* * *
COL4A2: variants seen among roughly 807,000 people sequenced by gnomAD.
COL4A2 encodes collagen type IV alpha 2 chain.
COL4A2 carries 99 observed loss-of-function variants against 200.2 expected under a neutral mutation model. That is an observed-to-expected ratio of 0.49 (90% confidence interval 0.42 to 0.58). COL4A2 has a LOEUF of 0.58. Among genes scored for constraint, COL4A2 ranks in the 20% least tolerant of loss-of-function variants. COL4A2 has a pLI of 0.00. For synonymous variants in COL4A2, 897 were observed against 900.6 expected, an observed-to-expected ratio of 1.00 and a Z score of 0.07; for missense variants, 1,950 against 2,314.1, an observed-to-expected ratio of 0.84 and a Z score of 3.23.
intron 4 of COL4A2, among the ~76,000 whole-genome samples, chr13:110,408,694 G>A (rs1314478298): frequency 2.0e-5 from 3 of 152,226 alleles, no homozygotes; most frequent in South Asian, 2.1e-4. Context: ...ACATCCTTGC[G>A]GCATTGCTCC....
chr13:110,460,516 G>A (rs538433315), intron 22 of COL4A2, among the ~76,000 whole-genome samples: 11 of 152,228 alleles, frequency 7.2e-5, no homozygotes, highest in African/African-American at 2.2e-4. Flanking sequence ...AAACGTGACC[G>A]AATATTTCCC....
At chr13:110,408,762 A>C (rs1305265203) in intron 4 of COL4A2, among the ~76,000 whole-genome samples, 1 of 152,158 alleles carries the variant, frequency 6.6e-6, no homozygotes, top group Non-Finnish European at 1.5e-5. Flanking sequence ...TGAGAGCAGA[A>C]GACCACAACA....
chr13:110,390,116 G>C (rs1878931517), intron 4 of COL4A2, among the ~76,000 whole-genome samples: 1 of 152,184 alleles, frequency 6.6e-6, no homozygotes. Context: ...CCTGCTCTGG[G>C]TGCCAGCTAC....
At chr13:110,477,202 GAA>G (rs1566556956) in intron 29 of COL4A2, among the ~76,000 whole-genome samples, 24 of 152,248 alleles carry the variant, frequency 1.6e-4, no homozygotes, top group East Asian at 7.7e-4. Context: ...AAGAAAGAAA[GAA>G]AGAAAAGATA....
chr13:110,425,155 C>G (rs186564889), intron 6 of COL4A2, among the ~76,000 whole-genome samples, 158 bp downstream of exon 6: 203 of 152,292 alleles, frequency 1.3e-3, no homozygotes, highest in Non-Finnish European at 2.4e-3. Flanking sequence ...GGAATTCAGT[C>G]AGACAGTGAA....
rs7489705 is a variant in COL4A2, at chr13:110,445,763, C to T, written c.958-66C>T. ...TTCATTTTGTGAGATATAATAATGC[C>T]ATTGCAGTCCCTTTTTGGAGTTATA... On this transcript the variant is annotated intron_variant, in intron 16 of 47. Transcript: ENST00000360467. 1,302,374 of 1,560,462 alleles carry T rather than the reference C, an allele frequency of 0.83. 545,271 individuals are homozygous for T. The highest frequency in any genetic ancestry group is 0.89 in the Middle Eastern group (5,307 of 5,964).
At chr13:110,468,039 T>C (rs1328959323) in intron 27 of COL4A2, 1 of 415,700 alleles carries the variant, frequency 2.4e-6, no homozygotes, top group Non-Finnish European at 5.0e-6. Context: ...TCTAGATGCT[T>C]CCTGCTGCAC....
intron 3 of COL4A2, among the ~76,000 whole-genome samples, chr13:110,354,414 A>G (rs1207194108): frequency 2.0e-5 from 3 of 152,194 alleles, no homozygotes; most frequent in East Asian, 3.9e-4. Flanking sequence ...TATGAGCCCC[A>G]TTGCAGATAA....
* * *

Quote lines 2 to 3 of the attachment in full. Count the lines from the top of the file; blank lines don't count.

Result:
COL4A2 encodes collagen type IV alpha 2 chain.
COL4A2 carries 99 observed loss-of-function variants against 200.2 expected under a neutral mutation model. That is an observed-to-expected ratio of 0.49 (90% confidence interval 0.42 to 0.58). COL4A2 has a LOEUF of 0.58. Among genes scored for constraint, COL4A2 ranks in the 20% least tolerant of loss-of-function variants. COL4A2 has a pLI of 0.00. For synonymous variants in COL4A2, 897 were observed against 900.6 expected, an observed-to-expected ratio of 1.00 and a Z score of 0.07; for missense variants, 1,950 against 2,314.1, an observed-to-expected ratio of 0.84 and a Z score of 3.23.